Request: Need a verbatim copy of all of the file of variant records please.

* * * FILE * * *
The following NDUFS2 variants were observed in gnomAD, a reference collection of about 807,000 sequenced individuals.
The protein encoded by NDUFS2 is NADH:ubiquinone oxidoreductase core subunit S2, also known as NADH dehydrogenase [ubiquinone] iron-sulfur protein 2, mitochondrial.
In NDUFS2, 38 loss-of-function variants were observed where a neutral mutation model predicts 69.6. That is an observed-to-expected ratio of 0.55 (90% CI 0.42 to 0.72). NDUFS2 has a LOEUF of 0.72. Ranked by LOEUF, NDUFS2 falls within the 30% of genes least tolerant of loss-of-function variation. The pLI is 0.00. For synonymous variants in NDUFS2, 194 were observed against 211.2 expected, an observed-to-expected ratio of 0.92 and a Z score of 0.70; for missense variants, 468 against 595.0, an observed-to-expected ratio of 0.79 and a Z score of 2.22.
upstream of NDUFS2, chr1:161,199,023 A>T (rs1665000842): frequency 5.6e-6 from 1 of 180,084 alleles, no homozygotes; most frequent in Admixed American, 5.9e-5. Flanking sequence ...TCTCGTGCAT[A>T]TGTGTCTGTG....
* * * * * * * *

The following NDUFS2 variants were observed in gnomAD, a reference collection of about 807,000 sequenced individuals.
The protein encoded by NDUFS2 is NADH:ubiquinone oxidoreductase core subunit S2, also known as NADH dehydrogenase [ubiquinone] iron-sulfur protein 2, mitochondrial.
In NDUFS2, 38 loss-of-function variants were observed where a neutral mutation model predicts 69.6. That is an observed-to-expected ratio of 0.55 (90% CI 0.42 to 0.72). NDUFS2 has a LOEUF of 0.72. Ranked by LOEUF, NDUFS2 falls within the 30% of genes least tolerant of loss-of-function variation. The pLI is 0.00. For synonymous variants in NDUFS2, 194 were observed against 211.2 expected, an observed-to-expected ratio of 0.92 and a Z score of 0.70; for missense variants, 468 against 595.0, an observed-to-expected ratio of 0.79 and a Z score of 2.22.
upstream of NDUFS2, chr1:161,199,023 A>T (rs1665000842): frequency 5.6e-6 from 1 of 180,084 alleles, no homozygotes; most frequent in Admixed American, 5.9e-5. Flanking sequence ...TCTCGTGCAT[A>T]TGTGTCTGTG....